The Poor Pay the Price
I vividly recall a mother at a meeting of MP election candidates challenging them over the levels of tax and benefits. One of the panel tried to brush her off declaring tax and benefits “so complicated it was a matter best left to financial experts”. She interjected tellingly; ” those of us who have to pay the price can do the arithmetic, why can’t you?”.
As nearly seven million households of the poorest people are already paying over the odds for basic food, goods and services, there is according to the Centre for Social Justice already a ” poverty premium” which costs families £480 a year for higher food, prices in supermarkets, higher interest costs on credit, and higher energy costs and that was before the recent autumn emergency budget announcements. What’s more, the pressure on the budgets of the poorest is a result of years of austerity as well as rising inflation. The Office of National statistics shows the price of budget food in supermarkets rising by 17% in the year to September. Nearly one in three lone parents (and 10% of lone parents use foodbanks), are reported as now skipping meals . NHS data reveals that in2021/2022, over 10,000 patients were so malnourished they needed hospital care, an increase over 3,700 the previous year. The Food Foundation charity reported recently that four million children were living in homes without adequate access to food. Furthermore, more and more are calling on overstretched foodbanks.
Encouragingly, there was pressure to upgrade universal credit benefits in line with inflation and to be fair, despite the worst fears, the welfare budget was largely protected by the Chancellor’s decision to increase them by the current 10.1% inflation figure, though a week later inflation rose by another 1% and is now projected to rise further with more interest rises. As benefits and state pensions were generally protected, the budget deficit (largely the hole generated by the Truss and Kwarteng experiment) has been pushed forward into major national department cuts in the future(in the 2024 financial year). However, the pressure on local government has been increased. Local councils can raise more council tax but they are under pressure to provide more caring services, so they have to make cuts elsewhere, not least to that voluntary sector support to local communities. In other words, there is real pressure on support services to the poor.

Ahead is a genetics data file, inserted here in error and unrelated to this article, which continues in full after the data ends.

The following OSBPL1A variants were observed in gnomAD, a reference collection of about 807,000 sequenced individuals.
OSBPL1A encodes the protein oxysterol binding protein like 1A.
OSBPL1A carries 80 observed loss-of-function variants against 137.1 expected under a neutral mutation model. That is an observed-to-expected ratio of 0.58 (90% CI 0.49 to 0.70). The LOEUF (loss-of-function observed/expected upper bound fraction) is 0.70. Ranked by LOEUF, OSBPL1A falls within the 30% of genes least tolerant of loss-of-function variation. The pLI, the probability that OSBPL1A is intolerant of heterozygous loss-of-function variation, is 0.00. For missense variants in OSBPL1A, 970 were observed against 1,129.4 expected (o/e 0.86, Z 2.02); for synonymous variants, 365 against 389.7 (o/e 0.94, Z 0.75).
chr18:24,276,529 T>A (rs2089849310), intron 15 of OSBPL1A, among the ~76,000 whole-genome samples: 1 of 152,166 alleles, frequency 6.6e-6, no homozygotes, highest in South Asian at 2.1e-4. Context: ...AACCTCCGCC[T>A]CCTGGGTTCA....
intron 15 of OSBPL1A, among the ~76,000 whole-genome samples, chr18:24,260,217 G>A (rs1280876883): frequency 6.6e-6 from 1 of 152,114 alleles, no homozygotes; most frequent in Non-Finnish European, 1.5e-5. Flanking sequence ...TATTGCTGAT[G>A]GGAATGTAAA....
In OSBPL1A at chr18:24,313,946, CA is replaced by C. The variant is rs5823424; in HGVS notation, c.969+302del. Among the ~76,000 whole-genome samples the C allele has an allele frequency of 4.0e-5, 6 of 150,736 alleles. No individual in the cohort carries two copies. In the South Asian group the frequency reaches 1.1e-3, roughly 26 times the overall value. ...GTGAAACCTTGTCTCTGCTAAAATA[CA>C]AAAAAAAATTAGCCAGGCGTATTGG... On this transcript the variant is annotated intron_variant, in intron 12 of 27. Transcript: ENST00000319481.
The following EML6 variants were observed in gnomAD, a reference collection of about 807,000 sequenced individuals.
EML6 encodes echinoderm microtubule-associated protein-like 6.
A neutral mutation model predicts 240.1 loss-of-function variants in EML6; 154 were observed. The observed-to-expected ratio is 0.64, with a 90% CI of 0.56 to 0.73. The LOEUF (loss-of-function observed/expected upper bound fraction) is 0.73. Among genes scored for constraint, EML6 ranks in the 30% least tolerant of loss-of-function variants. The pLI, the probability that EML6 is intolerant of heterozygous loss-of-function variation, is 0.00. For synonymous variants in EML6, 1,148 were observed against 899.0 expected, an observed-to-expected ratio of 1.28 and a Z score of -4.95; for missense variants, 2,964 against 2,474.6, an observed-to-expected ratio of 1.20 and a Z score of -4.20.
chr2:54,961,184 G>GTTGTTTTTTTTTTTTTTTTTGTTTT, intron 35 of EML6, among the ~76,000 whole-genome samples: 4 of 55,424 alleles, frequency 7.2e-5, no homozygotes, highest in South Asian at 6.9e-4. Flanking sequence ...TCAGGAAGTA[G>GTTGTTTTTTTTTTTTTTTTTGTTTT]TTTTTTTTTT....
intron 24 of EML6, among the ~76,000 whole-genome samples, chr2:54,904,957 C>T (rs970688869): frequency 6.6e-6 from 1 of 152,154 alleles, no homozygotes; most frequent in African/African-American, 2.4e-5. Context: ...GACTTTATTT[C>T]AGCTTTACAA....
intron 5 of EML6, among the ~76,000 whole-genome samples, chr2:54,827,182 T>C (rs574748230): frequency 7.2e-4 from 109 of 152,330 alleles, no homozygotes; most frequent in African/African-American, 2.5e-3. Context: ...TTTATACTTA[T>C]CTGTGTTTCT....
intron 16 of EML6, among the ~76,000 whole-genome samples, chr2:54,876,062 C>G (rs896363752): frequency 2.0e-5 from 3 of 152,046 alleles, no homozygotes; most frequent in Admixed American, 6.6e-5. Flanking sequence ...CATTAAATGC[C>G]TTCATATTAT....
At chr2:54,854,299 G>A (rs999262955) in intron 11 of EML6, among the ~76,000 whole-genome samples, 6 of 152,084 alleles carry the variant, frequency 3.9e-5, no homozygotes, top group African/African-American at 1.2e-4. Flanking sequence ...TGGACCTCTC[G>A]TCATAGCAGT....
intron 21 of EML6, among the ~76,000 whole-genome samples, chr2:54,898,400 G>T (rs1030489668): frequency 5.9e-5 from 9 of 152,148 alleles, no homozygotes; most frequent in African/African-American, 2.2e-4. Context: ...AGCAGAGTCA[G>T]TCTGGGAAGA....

Last but not least, though there is some direct cash support for energy costs for 3.8 million family budgets who now pay more than 30% on their fuel costs (up from 1.6 million) and the 7.5 million paying a fifth of their income on fuel, it still leaves those 4.5 million on prepayment meter in real difficulties. These include those on the lowest incomes and benefits and in rented properties who pay using a top up card, fob key or app. But they pay in advance and a higher tariff and made to repay any debts deducted from each top up leaving people with less money for their current energy needs. Recently debt agents employed by energy companies are increasingly using magistrate warrants to forcibly enter homes and put families on prepayment meters as a means of debt collection. The impact in increasingly dangerous self-disconnection. Citizens Advice bureau have joined others demanding an increase of energy help for the poorest who now have to beg for meter money. Windfall taxing energy suppliers who are still paying huge profits over to shareholders would go some way to redressing the energy inequalities but so would a tax reform that tackled ‘non dom’ avoiders, profit-rich banks and shareholders.
For the poorest, things will get worse after next April but so it will for those above universal credit faced with mortgage increase which will draw their incomes into the classic “poverty trap” just above benefit support levels but drastically income squeezed. By April around 8.4 million households will be in fuel poverty. That is the immediate crisis that needs radically addressing.
As Churches continuing as best we can to support food and clothing banks, pressing for enhanced school meal provision and putting on regular social activities in our church halls (to provide winter warm spaces) is imperative. But to tackle deep and increasing inequalities in income and wealth over recent years a much more radical overhaul perhaps rooted in the guidelines of our Catholic social teaching tradition is what we need to work for.